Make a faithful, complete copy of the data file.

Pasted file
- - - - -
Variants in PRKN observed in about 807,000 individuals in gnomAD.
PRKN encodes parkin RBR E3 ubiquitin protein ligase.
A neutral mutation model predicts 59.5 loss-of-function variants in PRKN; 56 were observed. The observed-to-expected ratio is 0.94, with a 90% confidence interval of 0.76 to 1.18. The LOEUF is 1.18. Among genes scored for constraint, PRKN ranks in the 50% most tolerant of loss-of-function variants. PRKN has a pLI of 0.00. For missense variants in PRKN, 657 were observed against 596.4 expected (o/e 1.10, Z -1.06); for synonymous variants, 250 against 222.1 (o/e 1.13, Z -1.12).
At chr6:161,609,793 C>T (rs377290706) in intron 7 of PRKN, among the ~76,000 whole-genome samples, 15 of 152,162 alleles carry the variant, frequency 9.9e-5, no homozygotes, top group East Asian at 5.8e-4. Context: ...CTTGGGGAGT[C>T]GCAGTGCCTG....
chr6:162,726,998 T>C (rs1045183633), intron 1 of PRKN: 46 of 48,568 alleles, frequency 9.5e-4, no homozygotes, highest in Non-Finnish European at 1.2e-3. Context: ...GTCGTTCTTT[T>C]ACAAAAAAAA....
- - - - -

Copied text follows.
Variants in PRKN observed in about 807,000 individuals in gnomAD.
PRKN encodes parkin RBR E3 ubiquitin protein ligase.
A neutral mutation model predicts 59.5 loss-of-function variants in PRKN; 56 were observed. The observed-to-expected ratio is 0.94, with a 90% confidence interval of 0.76 to 1.18. The LOEUF is 1.18. Among genes scored for constraint, PRKN ranks in the 50% most tolerant of loss-of-function variants. PRKN has a pLI of 0.00. For missense variants in PRKN, 657 were observed against 596.4 expected (o/e 1.10, Z -1.06); for synonymous variants, 250 against 222.1 (o/e 1.13, Z -1.12).
At chr6:161,609,793 C>T (rs377290706) in intron 7 of PRKN, among the ~76,000 whole-genome samples, 15 of 152,162 alleles carry the variant, frequency 9.9e-5, no homozygotes, top group East Asian at 5.8e-4. Context: ...CTTGGGGAGT[C>T]GCAGTGCCTG....
chr6:162,726,998 T>C (rs1045183633), intron 1 of PRKN: 46 of 48,568 alleles, frequency 9.5e-4, no homozygotes, highest in Non-Finnish European at 1.2e-3. Context: ...GTCGTTCTTT[T>C]ACAAAAAAAA....